Poor post-breach communication can cause as much damage to a company's reputation as the cyber-incident itself, says Al Pascual, senior analyst for fraud and security at Javelin Strategy & Research.
That's an important lesson learned in recent breaches, says Pascual, who will offer insights from security incidents at Information Security Media Group's Fraud Summit in Dallas on Nov. 18.
"[It's] one thing to be weak in security, like to have a poor security posture, but it's another to make the situation worse, to make yourself look incompetent or simply look like you don't care," Pascual says in an interview with ISMG. "I think we've seen a bit of that this year, not intentional certainly, but it has happened, and I think that's the bigger mistake. You can remediate the security issues, but your image will remain tarnished."
Businesses and healthcare providers that don't adequately communicate with customers or patients could likely lose them, he says.
"These breaches are not just about remediation cost; it's not just about the cost of notification," Pascual says. "It's about the fact that [some] people are not going to be your customers anymore, so getting that message right is critical."
In this interview, Pascual also discusses new Javelin research that shows that card-not-present fraud in the United States is expected to be nearly 4 times greater than point-of-sale card fraud by 2018. This growth is due primarily to the rise in e-commerce volume, rather than a change in criminal behavior because of the implementation of EMV chip cards for transactions at the point of sale, Pascual says.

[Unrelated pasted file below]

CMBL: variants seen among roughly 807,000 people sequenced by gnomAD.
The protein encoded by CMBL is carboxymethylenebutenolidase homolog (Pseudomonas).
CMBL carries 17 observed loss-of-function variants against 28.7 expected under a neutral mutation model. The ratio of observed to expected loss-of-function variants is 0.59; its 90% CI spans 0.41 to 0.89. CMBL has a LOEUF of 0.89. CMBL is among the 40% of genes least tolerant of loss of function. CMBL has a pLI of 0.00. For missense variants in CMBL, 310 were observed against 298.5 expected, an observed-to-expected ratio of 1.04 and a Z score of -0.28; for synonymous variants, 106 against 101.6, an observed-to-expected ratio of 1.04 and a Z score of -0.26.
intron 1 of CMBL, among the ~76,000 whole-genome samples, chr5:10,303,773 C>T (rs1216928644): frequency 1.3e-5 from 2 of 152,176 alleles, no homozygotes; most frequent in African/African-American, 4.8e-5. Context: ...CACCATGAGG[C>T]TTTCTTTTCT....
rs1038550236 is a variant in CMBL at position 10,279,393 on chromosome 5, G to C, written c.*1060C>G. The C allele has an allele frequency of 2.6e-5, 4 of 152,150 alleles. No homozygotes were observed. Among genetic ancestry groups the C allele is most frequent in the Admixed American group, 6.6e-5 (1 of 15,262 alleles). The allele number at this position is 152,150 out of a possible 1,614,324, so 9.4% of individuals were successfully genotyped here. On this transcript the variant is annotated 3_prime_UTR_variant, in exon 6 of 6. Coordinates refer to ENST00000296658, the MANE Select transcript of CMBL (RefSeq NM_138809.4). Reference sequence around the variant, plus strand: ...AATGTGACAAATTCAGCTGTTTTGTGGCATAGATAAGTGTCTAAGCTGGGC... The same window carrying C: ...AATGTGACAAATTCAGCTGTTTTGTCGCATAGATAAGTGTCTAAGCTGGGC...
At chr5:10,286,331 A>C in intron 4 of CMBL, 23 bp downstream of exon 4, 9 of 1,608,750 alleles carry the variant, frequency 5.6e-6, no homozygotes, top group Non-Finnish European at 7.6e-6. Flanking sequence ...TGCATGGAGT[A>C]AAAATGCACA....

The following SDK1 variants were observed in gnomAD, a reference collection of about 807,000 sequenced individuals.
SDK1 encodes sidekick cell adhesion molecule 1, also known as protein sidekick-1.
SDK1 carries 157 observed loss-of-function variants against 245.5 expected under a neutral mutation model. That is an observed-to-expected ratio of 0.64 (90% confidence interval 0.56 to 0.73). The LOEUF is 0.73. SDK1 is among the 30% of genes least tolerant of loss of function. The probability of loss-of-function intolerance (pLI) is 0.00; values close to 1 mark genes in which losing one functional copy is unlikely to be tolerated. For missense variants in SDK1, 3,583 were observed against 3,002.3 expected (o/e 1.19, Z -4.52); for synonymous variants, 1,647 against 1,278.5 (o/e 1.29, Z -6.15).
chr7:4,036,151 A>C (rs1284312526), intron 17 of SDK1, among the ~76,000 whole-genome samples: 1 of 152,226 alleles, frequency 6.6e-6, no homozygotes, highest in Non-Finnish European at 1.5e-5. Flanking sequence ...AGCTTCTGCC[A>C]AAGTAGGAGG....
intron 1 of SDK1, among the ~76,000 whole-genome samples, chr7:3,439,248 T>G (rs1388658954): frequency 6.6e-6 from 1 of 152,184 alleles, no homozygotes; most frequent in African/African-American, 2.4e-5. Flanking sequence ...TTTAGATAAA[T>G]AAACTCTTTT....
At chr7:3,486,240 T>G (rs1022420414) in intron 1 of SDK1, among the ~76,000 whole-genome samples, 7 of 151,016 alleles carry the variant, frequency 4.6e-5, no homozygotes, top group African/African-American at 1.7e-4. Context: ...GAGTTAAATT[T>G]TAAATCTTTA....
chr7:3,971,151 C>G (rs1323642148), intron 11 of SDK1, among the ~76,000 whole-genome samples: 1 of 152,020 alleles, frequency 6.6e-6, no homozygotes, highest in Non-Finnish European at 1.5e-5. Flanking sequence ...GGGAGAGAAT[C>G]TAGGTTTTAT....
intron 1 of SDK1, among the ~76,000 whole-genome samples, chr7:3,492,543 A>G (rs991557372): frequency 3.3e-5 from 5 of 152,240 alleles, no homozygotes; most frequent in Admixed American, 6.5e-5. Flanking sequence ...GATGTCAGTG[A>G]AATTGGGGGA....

Fraudulent E-Commerce Purchases Will Grow Regardless of EMV Adoption
SOURCE: Javelin Strategy & Research
Pascual also touches on:
- How hackers will target businesses that are slow in adopting EMV credit and debit cards, seeing them as easy pickings when compared with larger businesses that are expected to be early chip-card adopters.
- The tendencies by some organizations to drop their defenses after a breach because they don't expect to be hacked again. "Just because ... you were breached once doesn't mean you're inoculated from data breaches."
Pascual leads Javelin's security, risk and fraud practice. He began his career with HSBC during the height of the mortgage boom. While working in HSBC's borrower verification department, Pascual performed enhanced due diligence investigations of high-risk loans. He later joined Goldman Sachs' fixed income, currency and commodities division, serving on its mortgage fraud investigations team. Later he joined Fidelity National Information Services, now FIS Global, to oversee data driven investigations of organized payment fraud groups in the United States. Pascual is a member of the Association of Certified Fraud Examiners and the International Association of Financial Crimes Investigators.